Couple of things here by way of simple explanation, before we get into it: Lots of people, very reasonably, don’t understand the difference between debt and deficits. Put simply, debt is what you owe – what’s left on your mortgage. Deficit is the gap between your income and expenditure – the amount that has to be borrowed to fill the gap. All of your deficit goes on to your debt, eventually.
The second thing is that in this line of work you learn very quickly that the bigger a number is, the less people are able to get their heads around it. We all get very annoyed at some crook politician helping themselves to five grand in fiddled expenses, but tell someone that the deficit is now ten billion euros and they kind of shake their head sadly, knowing that it’s bad, but not quite how bad.
So how to put this in context, then?
We're starting to really see the financial damage caused by Covid-19.
By the end of August 2019, Ireland had a deficit of just over €600m.
By the end of August 2020, the deficit has now soared to almost €10 billion.
— Paul O'Donoghue (@paulodonoghue93) September 2, 2020
In simple terms, imagine that the mortgage payment on your house in August 2019 was one thousand euros a month.
Well, now, in September 2020, your mortgage payment has gone up to sixteen thousand, six hundred and sixty euros. There are very few households in the country who would not be bankrupted by that.
Ireland won’t be bankrupted, of course, at least in the short term, but these figures for borrowing are unsustainable, and all of this money will have to be paid back. But more importantly, before a single cent of it is paid back, the ongoing borrowing has to be brought down, and the books brought back into balance.
Anyway, is there any good news? Well, that depends on your point of view. Note the highlighted (by me) parts here:
There has been an increase in overall government spending of 28% or €9.5 billion compared with the same period in 2019.
Exchequer figures also show that tax revenue to the end of August was also down by 2.3%, or €802 million, on the same period last year.
VAT receipts to end of August were down by over €2.1 billion, or 21% per cent on the same period in 2019. And excise receipts fell by 15%, or €579 million.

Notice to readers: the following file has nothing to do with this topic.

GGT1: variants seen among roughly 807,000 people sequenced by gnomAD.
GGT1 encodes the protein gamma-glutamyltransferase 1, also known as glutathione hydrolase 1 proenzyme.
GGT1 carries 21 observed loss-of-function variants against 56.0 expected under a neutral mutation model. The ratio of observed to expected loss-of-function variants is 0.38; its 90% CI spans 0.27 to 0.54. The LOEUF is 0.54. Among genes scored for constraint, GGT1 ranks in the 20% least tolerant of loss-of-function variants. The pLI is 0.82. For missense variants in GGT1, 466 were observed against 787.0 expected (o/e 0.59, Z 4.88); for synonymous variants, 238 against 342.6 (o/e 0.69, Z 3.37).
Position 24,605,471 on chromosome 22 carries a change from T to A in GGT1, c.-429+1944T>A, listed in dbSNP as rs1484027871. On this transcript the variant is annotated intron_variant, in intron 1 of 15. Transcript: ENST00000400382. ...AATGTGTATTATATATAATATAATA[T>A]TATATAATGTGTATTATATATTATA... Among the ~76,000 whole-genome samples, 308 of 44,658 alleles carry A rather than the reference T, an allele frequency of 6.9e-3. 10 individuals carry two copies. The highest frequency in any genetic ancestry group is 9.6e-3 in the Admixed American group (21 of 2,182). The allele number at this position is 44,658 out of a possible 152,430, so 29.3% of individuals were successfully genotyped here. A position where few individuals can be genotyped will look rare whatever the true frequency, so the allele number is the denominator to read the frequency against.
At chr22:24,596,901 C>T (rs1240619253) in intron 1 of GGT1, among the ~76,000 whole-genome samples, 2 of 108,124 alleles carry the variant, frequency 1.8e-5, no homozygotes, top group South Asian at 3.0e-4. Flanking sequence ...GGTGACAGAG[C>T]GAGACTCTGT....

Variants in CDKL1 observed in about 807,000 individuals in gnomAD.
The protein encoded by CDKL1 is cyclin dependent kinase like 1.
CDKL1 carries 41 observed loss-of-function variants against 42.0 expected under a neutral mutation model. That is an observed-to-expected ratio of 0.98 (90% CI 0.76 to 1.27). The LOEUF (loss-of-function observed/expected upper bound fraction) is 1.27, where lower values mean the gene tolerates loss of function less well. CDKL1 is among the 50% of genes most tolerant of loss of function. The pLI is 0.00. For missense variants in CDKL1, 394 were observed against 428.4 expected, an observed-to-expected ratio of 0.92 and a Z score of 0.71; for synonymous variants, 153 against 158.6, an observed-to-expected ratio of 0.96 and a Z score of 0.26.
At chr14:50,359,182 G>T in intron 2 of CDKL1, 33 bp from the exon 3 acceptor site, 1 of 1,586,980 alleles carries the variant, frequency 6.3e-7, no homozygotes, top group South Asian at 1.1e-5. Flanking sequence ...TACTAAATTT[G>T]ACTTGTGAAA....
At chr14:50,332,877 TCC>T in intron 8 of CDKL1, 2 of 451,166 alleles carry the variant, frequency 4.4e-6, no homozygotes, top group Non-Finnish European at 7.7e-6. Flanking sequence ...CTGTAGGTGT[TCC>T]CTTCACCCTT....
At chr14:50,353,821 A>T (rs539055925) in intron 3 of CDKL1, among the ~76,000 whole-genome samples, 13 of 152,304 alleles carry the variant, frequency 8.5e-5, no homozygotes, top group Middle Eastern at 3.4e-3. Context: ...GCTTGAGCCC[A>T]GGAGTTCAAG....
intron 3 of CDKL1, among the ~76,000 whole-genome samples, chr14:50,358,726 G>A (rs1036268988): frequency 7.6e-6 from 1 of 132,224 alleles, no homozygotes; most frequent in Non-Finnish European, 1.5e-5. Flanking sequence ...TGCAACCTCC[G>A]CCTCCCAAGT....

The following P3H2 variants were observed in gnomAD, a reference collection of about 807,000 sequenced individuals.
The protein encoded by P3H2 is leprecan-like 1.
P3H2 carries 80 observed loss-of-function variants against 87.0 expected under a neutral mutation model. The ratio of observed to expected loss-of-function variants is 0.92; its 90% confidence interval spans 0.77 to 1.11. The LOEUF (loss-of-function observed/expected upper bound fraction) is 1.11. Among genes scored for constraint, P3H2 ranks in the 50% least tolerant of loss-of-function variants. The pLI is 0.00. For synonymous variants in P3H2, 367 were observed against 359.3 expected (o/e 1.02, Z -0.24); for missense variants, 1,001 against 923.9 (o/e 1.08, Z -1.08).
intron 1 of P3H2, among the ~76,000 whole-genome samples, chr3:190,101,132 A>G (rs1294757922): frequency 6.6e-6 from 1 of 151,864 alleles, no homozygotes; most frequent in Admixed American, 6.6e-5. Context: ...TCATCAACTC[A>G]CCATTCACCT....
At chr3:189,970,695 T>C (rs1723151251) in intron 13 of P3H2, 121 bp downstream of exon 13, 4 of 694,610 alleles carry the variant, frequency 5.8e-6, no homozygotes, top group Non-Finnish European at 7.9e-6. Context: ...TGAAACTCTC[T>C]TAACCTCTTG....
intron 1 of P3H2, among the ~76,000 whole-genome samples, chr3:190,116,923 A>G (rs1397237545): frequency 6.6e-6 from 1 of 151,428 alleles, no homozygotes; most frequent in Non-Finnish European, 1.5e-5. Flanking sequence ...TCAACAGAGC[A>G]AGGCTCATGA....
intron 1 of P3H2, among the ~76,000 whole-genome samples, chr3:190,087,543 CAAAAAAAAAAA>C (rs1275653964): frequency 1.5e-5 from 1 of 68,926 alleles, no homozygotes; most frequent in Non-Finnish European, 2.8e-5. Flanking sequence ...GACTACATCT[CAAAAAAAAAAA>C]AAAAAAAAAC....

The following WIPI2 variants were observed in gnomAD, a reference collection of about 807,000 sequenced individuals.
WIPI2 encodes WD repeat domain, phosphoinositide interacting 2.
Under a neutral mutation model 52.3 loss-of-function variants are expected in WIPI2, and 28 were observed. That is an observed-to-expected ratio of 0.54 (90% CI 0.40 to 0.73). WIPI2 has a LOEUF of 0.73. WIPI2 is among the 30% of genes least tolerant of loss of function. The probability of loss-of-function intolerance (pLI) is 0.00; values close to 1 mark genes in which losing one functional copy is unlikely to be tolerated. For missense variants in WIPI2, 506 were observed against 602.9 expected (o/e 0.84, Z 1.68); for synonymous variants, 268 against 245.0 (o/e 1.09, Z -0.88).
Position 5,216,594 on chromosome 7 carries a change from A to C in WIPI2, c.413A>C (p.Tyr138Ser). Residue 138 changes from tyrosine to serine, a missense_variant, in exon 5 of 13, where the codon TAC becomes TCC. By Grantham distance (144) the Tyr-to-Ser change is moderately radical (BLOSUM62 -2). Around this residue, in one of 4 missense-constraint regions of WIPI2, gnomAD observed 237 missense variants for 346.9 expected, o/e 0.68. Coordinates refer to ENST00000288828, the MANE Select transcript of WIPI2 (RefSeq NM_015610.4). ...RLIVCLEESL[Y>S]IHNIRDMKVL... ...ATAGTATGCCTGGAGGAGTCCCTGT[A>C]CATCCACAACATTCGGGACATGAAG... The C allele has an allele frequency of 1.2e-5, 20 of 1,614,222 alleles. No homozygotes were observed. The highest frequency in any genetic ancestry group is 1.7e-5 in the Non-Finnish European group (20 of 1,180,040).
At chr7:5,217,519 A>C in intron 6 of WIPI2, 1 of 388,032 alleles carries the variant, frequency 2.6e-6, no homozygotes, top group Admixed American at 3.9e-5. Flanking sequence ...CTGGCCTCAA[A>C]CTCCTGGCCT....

However, tax revenues were similar in the month of August compared to the same month last year, down by €11m or 0.4% year-on-year.
This was due to a strong economic performance in January and February, as well as an increase in corporate tax receipts.
The fact that tax revenues are relatively steady is unambiguously great news, because it demonstrates that the underlying economy is still ticking along, and hasn’t collapsed because of coronavirus.
But the 28% increase in spending will have been responsible for some of that: Remember, most, if not all, of that spending, was to keep the economy going. Wage subsidies, and that sort of thing.
It’s easy to say “oh well, when the virus is over, they won’t have to spend that money and things will go back to normal”, but it’s not that simple: It’s a bit like taking a patient off a ventilator. What happens to tax revenues, and the economy, when you take away that additional government spending? You’ll all be hoping, as will Government, that things will pick up where they left off. But there’s a strong risk that if the spending is cut, then the economy, and tax revenues, will suddenly fall off a cliff.
This is where the Government is in a pickle: The opposition parties will, naturally enough, oppose every effort to unwind the coronavirus spending. Some economists will back them up, warning of an economic catastrophe if the spending is cut.
But on the other hand, there is the certainty of an economic catastrophe if the deficit remains at its present level. Choices will have to be made.